- #1

jwlgrant

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## Homework Statement

Here's the problem: "On a journey to Mars, one design is to have a section of the spacecraft rotate to simulate gravity. If the radius of this section is 30 meters, how many RPMs must it rotate to simulate one Earth gravity (1 g = 9.8 meters/sec^2)?"

## Homework Equations

[itex]A = \frac{V^2}{R}[/itex]

## The Attempt at a Solution

I completed this problem, getting an answer of 5.5 RPM. Apparently I was wrong, and the answer should have been 14 RPM. I asked my instructor about it, and he showed me the calculations used to get 14 RPM, but it still didn't quite make sense to me.

Here's the process my instructor used to solve the problem:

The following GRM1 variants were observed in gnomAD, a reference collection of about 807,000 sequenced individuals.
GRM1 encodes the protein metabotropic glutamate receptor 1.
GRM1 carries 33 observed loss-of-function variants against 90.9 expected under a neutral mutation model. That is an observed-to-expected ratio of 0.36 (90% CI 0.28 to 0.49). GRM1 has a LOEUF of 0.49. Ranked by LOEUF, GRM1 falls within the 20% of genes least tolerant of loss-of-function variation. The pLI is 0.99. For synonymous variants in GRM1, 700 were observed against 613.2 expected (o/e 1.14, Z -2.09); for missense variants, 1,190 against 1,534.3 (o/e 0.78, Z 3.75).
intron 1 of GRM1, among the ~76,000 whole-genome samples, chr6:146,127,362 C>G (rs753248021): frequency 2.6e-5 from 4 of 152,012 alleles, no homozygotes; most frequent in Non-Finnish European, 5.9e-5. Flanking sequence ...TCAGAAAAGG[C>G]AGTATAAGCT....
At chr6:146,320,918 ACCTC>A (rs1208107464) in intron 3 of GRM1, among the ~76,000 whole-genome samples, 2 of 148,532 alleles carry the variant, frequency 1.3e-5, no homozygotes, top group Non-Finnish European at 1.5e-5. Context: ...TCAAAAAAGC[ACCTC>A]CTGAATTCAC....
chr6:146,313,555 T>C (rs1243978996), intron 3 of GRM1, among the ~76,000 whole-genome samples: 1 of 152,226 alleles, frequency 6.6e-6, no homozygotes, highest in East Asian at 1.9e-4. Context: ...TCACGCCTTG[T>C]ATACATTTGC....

Circumference is C = 2∏(30) = 188 meters.

1 rpm is like rotating 1 full circular rotation every minute, so 188/60 = 3.1 meters/sec.

Then V = 3.1 meters/sec x RPM.

Then A = (3.1 RPM)^2/188 = 0.05 x rpm^2.

So: 9.8 = 0.05rpm^2

RPM = 14

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Here's my process:

A = 9.8 (m)/(s^2)

R = 30 m

V = √(AR)

V = 17.15 m/s

1 revolution = circumference = 2∏30 m

[1 revolution/(2∏30 m)] * [60s/1 min]

*(1 rev is equal to 2π30m and sixty seconds is equal to one minute)*

V = (17.15 m/s)/∏ RPM

V = 5.5 RPM

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I realize, of course, that we both used different methods to get the answer. I thought I did it wrong, so I solved the problem again, using his method, to try to get the correct answer. He used 188m for the radius component when solving for A=V^2/R, but when I used 30m I got an answer of 5.5RPM. The radius, 30m, should be used in that equation, not 188m, right?

I would greatly appreciate any help in understanding this problem. I can't tell where/how I went wrong in solving it.